From muddy road to muddy lane
I plodded through the falling rain;
For miles and miles was nothing there
But mist, and mud, and hedges bare.
At length approaching I espied
Two gipsy women side by side;
They turned their faces broad and bold
And brown and freshened by the cold,
And stared at me in gipsy wise
With shrewd, unfriendly, savage eyes.
No word they said, no more dared I;— Frances Darwin Cornford
And so we passed each other by—
The only living things that met
In all those miles of mist and wet.
Every valley drinks,
Every dell and hollow:
Where the kind rain sinks and sinks,
Green of Spring will follow.
Yet a lapse of weeks
Buds will burst their edges,
Strip their wool-coats, glue-coats, streaks,
In the woods and hedges;
Weave a bower of love
For birds to meet each other,
Weave a canopy above
Nest and egg and mother.
But for fattening rain
We should have no flowers,
Never a bud or leaf again
But for soaking showers;
Never a mated bird
In the rocking tree-tops,
Never indeed a flock or herd
To graze upon the lea-crops.
Lambs so woolly white,
Sheep the sun-bright leas on,
They could have no grass to bite
But for rain in season.
We should find no moss
In the shadiest places,
Find no waving meadow-grass
Pied with broad-eyed daisies;
But miles of barren sand,— Christina G. Rossetti
With never a son or daughter,
Not a lily on the land,
Or lily on the water.
There came to my window one morning in Spring
A sweet little Robin; she came there to sing.
The tune that she sang, it was prettier far
Than any I heard on the flute or guitar.
Her wings she was spreading to soar far away,
Then resting a moment seemed sweetly to say:
“Oh happy, how happy the world seems to be!
Awake, Little Girl and be happy with me!”
But just as she finished her beautiful song,— Anonymous
A thoughtless young man with a gun came along.
He killed and he carried my sweet bird away,
She no more will sing at the dawn of the day.
In the heart of a seed,
Buried deep, so deep,
A dear little plant
Lay fast asleep!
“Wake!” said the sunshine,
“And creep to the light!”
“Wake!” said the voice
Of the raindrop bright.
The little plant heard— Kate L. Brown
And it rose to see
What the wonderful
Outside world might be.
(SONG OF SOLOMON, ii. 12.)
Now the winter cold is past,
And blithe March winds are blowing,
In sheltered nooks we find at last
Bright flowers of spring are growing.
Along the hedge-row’s mossy bank,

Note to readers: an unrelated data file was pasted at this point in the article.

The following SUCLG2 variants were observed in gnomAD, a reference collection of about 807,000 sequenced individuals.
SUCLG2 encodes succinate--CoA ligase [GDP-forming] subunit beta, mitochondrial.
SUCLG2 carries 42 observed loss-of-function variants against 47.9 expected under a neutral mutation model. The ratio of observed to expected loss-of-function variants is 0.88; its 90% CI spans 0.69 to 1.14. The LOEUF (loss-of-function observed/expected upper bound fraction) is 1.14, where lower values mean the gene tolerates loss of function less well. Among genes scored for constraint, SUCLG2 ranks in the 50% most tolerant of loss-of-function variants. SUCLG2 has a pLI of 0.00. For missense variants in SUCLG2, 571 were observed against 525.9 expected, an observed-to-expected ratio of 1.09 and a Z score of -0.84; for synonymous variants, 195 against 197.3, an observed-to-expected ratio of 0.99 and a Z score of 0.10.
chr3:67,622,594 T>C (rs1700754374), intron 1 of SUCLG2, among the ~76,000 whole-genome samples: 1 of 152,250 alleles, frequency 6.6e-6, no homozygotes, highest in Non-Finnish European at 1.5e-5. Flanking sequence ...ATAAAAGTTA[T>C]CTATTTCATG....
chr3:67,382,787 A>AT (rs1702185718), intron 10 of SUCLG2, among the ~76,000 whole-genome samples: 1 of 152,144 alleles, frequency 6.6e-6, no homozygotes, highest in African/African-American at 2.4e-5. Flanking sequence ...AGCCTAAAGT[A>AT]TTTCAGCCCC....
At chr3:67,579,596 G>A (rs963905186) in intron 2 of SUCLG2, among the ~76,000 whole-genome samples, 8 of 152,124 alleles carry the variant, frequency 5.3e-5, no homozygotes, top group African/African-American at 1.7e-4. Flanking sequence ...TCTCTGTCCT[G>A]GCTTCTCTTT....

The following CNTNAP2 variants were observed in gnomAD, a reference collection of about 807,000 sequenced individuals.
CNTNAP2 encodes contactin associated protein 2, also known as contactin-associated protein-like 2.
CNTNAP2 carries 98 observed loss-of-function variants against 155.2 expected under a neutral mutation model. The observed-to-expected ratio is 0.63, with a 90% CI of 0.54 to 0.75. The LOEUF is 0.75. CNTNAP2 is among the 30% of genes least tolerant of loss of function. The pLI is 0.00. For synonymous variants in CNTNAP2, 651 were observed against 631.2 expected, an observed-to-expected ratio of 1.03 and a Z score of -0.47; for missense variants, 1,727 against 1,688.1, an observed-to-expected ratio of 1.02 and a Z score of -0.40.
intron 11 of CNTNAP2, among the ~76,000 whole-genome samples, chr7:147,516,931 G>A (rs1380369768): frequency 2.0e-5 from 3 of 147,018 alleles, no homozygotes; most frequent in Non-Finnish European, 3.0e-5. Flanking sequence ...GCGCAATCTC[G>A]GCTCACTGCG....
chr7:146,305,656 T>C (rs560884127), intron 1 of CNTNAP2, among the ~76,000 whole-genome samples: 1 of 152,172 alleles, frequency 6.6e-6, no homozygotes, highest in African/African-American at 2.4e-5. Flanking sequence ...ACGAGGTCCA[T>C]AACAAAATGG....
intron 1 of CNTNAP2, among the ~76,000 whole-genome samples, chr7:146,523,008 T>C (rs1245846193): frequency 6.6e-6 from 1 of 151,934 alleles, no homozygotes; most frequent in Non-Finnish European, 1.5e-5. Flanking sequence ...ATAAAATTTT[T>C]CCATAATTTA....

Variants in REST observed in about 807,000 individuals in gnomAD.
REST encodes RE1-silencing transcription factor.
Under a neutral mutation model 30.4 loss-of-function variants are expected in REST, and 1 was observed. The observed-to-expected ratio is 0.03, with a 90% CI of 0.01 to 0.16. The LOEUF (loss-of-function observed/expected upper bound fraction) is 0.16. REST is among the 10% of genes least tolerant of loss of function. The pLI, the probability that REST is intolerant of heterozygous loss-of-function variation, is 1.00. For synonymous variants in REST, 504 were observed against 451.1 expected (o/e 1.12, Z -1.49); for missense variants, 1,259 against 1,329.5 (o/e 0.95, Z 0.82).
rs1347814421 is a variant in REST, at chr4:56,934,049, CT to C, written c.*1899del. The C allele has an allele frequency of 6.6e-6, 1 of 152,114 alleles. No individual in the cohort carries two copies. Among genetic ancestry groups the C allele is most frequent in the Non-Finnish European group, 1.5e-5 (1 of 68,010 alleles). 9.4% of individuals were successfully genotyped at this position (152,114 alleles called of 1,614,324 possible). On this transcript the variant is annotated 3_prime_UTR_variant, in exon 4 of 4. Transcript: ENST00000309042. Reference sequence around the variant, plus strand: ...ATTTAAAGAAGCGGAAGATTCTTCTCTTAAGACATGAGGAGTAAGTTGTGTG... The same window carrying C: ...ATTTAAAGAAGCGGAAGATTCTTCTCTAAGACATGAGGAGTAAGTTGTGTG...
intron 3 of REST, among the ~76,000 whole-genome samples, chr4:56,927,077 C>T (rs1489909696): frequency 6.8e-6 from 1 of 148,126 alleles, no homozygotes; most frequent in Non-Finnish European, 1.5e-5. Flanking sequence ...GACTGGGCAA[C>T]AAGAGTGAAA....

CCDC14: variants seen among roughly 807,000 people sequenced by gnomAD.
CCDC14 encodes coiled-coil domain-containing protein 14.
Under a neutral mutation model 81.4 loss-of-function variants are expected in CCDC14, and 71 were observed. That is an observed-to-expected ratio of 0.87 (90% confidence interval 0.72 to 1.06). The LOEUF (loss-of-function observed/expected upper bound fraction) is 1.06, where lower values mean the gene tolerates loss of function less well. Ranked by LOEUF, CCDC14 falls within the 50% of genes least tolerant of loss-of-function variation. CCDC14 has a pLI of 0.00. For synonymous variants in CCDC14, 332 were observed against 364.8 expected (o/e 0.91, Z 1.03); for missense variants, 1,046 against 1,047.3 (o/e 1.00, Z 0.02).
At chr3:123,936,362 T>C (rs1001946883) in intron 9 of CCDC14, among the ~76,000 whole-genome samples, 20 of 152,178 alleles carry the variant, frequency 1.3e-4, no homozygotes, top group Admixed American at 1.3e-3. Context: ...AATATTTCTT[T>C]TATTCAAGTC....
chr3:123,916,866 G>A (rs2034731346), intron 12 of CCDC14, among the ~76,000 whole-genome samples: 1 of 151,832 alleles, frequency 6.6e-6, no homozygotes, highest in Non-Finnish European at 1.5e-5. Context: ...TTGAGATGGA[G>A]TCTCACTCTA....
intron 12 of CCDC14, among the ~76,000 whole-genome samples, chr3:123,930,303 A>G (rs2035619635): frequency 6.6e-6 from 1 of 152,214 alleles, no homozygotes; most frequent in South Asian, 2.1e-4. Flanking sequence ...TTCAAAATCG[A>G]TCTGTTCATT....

Where ivy green is creeping,
We see through weeds and nettles rank
The dark-blue vi-o-let peeping.
And in the sunny garden beds
Gay aconites are showing,
And snowdrops bend their graceful heads,
And crocuses are glowing.
God makes the buds and leaves unfold,–anonymous
All flowers are of His giving;
He guards them through the winter’s cold,
He cares for all things living.
Down in a green and shady bed
A modest violet grew;
Its stalk was bent, it hung its head,
As if to hide from view.
And yet it was a lovely flower,
Its colors bright and fair!
It might have graced a rosy bower,
Instead of hiding there.
Yet there it was content to bloom,
In modest tints arrayed;
And there diffused its sweet perfume,
Within the silent shade.
Then let me to the valley go,–Jane Taylor
This pretty flower to see,
That I may also learn to grow
In sweet humility.
I know the song that the bluebird is singing,
Out in the apple-tree where he is swinging;
Brave little fellow, the skies may look dreary;
Nothing cares he while his heart is so cheery.
Hark! how the music leaps out from his throat,
Hark! was there ever so merry a note?
Listen awhile and you’ll hear what he’s saying,
Up in the apple-tree swinging and swaying.
“Dear little blossoms down under the snow,
You must be weary of winter, I know;
Hark, while I sing you a message of cheer;
Summer is coming and spring-time is here!
“Little white snowdrop! I pray you arise;–Emily Huntington Miller
Bright yellow crocus! come, open your eyes;
Sweet little violets, hid from the cold,
Put on your mantles of purple and gold;
Daffodils! daffodils! say, do you hear?—
Summer is coming and spring-time is here!”